There continues to be conflicting evidence about the effects of adolescent cannabis use on behavior, neuropsychological functioning, and neurocognitive development. Two new papers on the subject add to the murkiness.
The first paper, which was written by Wendel and colleagues and will be published in Cognitive Development in September 2021, studied the effects of light versus heavy cannabis use on cognitive test performance from age 14 to 19 found no evidence to support the belief that cannabis consumption necessarily leads to a decline in attention, working memory, short-term memory, or risk aversion. In fact, light cannabis users (defined as using cannabis less than 20 times in the previous month) performed better than the control group at follow-up.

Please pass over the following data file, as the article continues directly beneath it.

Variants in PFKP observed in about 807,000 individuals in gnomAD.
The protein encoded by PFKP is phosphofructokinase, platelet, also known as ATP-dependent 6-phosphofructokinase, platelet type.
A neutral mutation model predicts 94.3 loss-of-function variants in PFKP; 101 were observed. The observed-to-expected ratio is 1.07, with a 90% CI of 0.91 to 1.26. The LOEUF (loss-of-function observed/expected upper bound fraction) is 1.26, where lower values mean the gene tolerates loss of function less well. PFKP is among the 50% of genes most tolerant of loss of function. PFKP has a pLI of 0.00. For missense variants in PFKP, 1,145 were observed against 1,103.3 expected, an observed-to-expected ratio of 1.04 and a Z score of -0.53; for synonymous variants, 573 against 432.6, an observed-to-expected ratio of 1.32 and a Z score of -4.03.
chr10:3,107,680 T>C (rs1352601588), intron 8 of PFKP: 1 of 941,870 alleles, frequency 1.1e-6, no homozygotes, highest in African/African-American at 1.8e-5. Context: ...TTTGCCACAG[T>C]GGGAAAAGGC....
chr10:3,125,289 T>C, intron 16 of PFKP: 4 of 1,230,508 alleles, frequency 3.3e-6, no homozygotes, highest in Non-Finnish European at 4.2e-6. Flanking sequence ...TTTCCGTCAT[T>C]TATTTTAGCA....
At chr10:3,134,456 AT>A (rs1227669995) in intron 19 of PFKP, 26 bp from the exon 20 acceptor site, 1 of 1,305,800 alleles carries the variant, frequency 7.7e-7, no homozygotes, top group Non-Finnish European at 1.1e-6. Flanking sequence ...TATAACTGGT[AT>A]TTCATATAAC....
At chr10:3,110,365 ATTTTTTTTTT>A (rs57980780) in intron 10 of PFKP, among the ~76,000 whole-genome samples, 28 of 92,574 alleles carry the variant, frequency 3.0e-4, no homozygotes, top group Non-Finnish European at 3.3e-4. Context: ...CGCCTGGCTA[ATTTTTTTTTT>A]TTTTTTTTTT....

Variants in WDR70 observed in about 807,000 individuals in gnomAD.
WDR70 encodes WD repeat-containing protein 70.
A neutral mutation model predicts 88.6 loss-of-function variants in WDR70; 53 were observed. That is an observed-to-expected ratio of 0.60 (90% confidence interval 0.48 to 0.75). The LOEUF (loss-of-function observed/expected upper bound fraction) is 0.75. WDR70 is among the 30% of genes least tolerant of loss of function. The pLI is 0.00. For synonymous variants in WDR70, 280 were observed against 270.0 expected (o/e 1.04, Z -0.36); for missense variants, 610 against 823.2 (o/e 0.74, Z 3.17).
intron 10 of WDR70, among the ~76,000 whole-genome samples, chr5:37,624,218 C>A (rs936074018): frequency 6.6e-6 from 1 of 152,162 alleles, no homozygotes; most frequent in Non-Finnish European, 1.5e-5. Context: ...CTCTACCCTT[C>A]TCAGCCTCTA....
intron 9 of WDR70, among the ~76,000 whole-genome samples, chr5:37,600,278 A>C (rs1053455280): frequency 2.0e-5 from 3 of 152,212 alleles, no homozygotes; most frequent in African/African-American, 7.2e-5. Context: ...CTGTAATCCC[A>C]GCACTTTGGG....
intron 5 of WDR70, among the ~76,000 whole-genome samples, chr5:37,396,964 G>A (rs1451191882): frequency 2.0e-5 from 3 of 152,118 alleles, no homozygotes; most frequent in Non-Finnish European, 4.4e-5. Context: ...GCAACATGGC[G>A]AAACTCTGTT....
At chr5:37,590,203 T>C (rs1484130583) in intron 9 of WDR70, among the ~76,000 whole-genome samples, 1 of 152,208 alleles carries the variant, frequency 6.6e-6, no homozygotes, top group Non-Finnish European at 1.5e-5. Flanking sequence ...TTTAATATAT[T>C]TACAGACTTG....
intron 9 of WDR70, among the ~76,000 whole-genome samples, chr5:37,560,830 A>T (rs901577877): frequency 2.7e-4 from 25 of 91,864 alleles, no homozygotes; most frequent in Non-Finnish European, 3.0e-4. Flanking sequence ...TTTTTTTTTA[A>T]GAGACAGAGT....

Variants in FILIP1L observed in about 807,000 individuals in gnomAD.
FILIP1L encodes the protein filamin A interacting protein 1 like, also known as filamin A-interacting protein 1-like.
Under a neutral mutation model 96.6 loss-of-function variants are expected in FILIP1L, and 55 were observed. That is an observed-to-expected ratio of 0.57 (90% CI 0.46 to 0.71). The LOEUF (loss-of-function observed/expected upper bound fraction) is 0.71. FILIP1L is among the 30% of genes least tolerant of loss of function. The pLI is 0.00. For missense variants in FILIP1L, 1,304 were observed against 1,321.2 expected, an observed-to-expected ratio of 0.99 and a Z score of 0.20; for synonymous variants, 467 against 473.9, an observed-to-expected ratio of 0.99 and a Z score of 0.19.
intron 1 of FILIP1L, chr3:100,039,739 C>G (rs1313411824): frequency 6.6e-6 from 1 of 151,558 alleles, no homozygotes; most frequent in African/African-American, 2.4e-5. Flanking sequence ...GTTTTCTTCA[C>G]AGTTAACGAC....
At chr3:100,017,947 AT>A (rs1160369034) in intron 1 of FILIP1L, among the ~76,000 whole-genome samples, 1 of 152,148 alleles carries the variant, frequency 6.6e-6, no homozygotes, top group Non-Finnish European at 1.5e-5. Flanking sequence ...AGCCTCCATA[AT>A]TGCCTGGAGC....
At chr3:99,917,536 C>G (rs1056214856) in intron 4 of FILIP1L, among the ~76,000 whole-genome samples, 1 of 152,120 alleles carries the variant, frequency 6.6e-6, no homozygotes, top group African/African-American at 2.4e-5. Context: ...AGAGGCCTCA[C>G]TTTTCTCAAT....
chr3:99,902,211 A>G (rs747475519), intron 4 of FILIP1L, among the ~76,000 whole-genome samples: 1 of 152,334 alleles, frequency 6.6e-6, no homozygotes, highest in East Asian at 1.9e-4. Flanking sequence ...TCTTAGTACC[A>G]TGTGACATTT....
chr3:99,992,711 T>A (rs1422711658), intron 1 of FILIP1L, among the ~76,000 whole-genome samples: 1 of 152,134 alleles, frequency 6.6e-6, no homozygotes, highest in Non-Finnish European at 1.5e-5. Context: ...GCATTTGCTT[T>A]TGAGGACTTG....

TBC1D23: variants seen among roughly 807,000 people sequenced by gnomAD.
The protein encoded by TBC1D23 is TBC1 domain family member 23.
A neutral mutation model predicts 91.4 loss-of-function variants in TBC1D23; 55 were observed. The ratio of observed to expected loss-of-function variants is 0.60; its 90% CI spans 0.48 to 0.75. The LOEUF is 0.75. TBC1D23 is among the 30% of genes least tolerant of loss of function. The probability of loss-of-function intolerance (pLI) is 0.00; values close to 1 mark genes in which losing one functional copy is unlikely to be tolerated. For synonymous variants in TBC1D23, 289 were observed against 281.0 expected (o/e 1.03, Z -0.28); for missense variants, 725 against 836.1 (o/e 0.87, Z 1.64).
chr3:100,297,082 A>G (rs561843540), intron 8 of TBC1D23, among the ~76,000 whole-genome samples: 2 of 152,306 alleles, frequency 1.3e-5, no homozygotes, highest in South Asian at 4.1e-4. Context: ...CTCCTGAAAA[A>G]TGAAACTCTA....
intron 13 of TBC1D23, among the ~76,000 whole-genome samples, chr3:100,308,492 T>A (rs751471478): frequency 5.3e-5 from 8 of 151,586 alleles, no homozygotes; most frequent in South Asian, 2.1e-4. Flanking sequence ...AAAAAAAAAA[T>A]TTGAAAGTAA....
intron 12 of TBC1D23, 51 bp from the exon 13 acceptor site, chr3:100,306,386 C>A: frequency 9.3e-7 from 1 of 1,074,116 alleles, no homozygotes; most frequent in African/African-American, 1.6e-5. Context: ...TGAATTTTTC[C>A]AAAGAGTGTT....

The second paper, which was written by Albaugh and colleagues and was published through JAMA Psychiatry online June 16, 2021, was a neuroimaging study that examined the effects of adolescent cannabis use on cortical thickness. They found that cannabis use in mid- to late-adolescence was associated with alterations in cortical development, especially in prefrontal regions where CB1 receptors are highly expressed. They found that the effects were dose dependent.
More research will be needed to determine if there is another factor influencing how cannabis use affects the adolescent brain.